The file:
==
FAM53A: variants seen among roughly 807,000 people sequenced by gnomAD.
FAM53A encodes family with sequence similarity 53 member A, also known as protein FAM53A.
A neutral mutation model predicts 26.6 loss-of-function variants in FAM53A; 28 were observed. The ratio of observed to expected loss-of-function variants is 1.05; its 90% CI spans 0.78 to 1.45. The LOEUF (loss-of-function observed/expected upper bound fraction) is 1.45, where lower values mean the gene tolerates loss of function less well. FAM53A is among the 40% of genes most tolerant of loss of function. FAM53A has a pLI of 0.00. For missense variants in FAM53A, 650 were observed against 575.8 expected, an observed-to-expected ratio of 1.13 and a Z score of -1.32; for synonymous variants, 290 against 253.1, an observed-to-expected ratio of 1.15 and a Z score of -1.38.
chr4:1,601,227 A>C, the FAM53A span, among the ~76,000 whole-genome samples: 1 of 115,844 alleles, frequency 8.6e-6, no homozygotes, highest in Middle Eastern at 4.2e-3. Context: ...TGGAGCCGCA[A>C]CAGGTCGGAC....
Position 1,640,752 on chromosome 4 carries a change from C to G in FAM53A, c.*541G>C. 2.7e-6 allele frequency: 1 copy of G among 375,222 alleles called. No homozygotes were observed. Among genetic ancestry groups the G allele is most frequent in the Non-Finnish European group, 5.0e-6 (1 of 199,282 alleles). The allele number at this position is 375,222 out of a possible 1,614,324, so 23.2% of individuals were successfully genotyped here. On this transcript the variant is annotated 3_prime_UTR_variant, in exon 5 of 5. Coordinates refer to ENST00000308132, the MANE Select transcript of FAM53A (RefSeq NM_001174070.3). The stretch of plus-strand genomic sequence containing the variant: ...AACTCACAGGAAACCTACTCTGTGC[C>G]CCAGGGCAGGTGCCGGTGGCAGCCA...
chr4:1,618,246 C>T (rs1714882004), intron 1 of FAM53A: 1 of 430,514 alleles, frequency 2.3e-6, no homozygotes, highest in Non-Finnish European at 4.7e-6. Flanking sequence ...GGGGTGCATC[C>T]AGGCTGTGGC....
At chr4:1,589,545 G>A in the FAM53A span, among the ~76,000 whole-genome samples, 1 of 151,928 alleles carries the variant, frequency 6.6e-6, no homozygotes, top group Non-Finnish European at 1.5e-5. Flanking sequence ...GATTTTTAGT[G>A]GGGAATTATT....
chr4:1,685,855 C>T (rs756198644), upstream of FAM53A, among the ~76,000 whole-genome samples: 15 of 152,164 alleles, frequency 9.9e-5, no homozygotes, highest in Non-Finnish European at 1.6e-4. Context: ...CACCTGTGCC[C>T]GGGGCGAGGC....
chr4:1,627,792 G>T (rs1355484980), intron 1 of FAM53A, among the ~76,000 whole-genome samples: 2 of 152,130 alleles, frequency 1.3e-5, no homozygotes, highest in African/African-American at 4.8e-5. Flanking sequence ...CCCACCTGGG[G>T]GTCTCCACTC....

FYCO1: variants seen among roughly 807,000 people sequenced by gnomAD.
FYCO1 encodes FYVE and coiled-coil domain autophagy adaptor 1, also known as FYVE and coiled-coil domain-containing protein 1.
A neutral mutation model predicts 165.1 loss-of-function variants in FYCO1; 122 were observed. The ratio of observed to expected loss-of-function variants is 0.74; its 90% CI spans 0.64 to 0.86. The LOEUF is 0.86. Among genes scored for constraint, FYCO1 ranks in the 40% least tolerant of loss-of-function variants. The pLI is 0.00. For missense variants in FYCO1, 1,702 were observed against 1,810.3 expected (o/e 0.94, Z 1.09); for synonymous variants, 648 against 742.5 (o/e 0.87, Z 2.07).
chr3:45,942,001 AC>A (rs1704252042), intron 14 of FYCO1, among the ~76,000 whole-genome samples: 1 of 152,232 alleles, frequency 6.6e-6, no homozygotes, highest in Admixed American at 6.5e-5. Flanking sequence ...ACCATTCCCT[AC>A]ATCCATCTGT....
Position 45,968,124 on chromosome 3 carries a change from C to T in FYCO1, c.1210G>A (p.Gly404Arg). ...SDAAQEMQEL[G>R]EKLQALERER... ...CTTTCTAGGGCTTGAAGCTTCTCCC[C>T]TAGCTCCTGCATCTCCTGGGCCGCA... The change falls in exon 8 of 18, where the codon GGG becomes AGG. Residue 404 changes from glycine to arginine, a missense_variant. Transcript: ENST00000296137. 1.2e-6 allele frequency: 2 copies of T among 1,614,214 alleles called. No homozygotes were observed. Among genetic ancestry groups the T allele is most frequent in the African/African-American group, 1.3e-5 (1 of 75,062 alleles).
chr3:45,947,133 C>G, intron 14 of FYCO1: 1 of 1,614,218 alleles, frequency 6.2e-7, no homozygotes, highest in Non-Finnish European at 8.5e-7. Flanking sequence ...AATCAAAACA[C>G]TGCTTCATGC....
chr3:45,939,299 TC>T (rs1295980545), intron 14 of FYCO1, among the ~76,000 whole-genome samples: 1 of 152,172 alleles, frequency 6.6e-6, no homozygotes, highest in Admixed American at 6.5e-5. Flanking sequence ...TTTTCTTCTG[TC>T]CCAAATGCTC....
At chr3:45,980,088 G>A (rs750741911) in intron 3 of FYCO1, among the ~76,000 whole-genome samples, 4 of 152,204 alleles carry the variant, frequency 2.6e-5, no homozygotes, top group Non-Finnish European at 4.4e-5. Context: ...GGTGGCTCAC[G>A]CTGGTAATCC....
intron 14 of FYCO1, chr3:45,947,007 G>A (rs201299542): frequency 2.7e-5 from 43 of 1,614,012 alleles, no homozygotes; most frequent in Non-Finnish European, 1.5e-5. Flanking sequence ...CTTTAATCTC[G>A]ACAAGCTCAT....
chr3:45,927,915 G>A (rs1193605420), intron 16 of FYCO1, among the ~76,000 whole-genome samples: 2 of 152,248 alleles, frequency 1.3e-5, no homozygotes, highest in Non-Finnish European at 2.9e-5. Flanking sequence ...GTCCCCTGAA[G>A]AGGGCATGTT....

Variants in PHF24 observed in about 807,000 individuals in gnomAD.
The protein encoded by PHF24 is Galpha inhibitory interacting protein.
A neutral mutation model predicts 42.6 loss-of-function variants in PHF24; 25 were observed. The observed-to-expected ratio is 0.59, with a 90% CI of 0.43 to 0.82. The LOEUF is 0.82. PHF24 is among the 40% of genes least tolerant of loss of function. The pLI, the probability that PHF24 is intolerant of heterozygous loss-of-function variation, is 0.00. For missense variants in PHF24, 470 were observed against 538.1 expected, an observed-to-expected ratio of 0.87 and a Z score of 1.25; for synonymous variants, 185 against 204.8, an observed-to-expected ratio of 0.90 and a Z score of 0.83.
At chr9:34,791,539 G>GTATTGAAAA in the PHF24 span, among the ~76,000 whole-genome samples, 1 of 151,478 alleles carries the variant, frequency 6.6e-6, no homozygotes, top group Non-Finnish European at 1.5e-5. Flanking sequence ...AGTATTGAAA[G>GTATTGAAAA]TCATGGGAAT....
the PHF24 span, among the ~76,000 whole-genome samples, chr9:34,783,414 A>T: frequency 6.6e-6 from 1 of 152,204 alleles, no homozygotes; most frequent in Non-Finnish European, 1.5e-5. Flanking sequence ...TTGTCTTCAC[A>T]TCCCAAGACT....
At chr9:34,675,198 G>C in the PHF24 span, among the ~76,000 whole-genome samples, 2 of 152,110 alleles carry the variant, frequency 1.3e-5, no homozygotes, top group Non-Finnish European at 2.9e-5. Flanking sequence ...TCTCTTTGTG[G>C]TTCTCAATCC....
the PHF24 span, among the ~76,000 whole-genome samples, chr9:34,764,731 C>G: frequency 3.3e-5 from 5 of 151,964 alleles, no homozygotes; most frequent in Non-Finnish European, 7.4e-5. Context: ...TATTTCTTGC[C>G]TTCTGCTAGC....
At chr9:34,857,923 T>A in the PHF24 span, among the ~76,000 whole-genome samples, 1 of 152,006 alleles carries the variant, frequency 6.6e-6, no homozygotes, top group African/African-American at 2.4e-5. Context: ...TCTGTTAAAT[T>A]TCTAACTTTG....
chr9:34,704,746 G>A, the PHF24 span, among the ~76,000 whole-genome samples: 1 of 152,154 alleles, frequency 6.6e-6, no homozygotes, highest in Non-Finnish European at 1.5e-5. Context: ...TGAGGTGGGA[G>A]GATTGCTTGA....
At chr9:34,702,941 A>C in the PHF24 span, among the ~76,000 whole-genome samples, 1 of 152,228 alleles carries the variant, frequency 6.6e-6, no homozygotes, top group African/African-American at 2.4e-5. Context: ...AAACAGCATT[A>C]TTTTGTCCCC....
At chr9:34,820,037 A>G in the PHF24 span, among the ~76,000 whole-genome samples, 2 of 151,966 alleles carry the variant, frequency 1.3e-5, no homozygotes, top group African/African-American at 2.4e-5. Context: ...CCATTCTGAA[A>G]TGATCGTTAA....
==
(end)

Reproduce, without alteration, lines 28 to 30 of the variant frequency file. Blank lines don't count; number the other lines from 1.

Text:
chr9:34,704,746 G>A, the PHF24 span, among the ~76,000 whole-genome samples: 1 of 152,154 alleles, frequency 6.6e-6, no homozygotes, highest in Non-Finnish European at 1.5e-5. Context: ...TGAGGTGGGA[G>A]GATTGCTTGA....
At chr9:34,702,941 A>C in the PHF24 span, among the ~76,000 whole-genome samples, 1 of 152,228 alleles carries the variant, frequency 6.6e-6, no homozygotes, top group African/African-American at 2.4e-5. Context: ...AAACAGCATT[A>C]TTTTGTCCCC....
At chr9:34,820,037 A>G in the PHF24 span, among the ~76,000 whole-genome samples, 2 of 151,966 alleles carry the variant, frequency 1.3e-5, no homozygotes, top group African/African-American at 2.4e-5. Context: ...CCATTCTGAA[A>G]TGATCGTTAA....